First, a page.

I finished Nadine Gordimer’s novel A Sport of Nature last night and believe this will be the most difficult of her novels to write about thus far. It was complicated – but not in a way I was expecting. This is a novel I will have to read at least twice, and slowly, to come to any firm conclusions about what Gordimer was trying to do.
In the simplest sense A Sport of Nature is a personality profile, telling the story, from childhood to adulthood, of Hillela, a white South African woman who “becomes” a revolutionary in the struggle against Apartheid. Hillela’s political and psychological trajectory is unusual, mainly because Gordimer reveals her transformation from unconcerned to concerned (about her country’s social injustices) through a distillation of the idea of human contact. It makes sense that falling in love with another human being is one of the best ways to smash up racial boundaries and I think this is often the story that gets told – how better to understand our shared humanity than to really and truly fall in love. But Hillela’s story is more than this familiar one – her character, her self, struck me as Gordimer’s personification of the idea that love is blind.
Her early life is marked by a series of transgressions, all of them having to do with sex. She develops a relationship with a man from a township, whom she doesn’t even realize is black (a first allusion to exactly how colorblind her experience of falling in love will become) and is kicked out of her private school, she woos her cousin and is eventually caught in his bed and has to leave home, she follows a lover illegalIy into Ghana, escaping South Africa not for political ideals but romantic ones.
Through all this Hillela seems to possess some incredible luck. She is taken in again and again by the right people and kept back from the edge of poverty. She becomes friends with the wife of the French Ambassador to Ghana, moves in with this family as a sort of nanny and eventually has an affair with the Ambassador. It’s during this period that she meets Whaila, the black man who will become her husband.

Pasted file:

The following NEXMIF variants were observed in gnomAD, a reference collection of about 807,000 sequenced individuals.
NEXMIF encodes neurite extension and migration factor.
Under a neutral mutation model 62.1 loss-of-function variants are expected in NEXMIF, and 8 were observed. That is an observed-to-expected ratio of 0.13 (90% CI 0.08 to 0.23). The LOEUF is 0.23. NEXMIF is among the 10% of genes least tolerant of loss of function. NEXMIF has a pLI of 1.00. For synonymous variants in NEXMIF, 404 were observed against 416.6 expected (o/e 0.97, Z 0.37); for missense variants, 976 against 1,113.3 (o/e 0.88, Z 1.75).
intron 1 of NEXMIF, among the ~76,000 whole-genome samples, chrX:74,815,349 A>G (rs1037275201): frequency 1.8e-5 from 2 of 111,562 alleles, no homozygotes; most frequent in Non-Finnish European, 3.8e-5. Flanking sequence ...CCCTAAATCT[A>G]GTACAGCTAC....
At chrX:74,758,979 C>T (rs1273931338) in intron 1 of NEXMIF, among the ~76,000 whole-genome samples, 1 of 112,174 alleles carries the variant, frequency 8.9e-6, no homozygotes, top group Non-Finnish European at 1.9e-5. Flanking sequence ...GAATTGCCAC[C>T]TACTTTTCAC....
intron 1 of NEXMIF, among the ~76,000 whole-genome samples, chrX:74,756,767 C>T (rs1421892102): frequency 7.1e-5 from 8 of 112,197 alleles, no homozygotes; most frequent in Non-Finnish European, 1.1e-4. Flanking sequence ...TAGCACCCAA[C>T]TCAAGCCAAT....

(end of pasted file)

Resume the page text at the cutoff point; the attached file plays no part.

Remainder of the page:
This is the moment when Hillela changes, when she becomes engaged in the fight to overthrow Apartheid. This is Whaila’s passion and Hillela has fallen in love with him so it becomes her fight too. On the one hand, I saw Hillela’s “transformation” as quite shallow – to love this man, she will also love his politics. A subject she had no use for previously. But on the other hand, this is the moment she becomes aware of her disregard for skin color. She isn’t in love with Whaila as an exotic other, but with him – his mind, his person, his whole self. She was raised under Apartheid, and although rationally she rejected it as many of her generation did, she had never confronted its reality emotionally. So then to finally experience, emotionally, the absolute meaninglessness of that system is nothing short of revelation.
What happens to Hillela after this is also really interesting but I’ll give the story away if I say any more. So I’ll just say a bit more about Hillela as a character – after this transformation she continues to create a personal, rebellious world where Apartheid has absolutely no power over her. But the power she uses to fight the world beyond her personal circle isn’t physical, it isn’t intellectual, and it isn’t even emotional – her power is purely sexual. Gordimer is exploring a really interesting idea here, even if I found it somewhat uncomfortable. Her portrait of Hillela is intriguing and provocative. She is essentially a nobody who manages to rise to considerable political power…through love but mostly through refusing to choose a specific ideology except her own colorblindness.
As I mentioned above, there is definitely more to this novel than can be picked up in one reading. So in the meantime, before I tackle a re-read or any of the critical work about Nadine Gordimer I’ve been delighted to discover over the last 8 months, I have three more of her novels to read by the end of the year. Next up: My Son’s Story, published in 1990.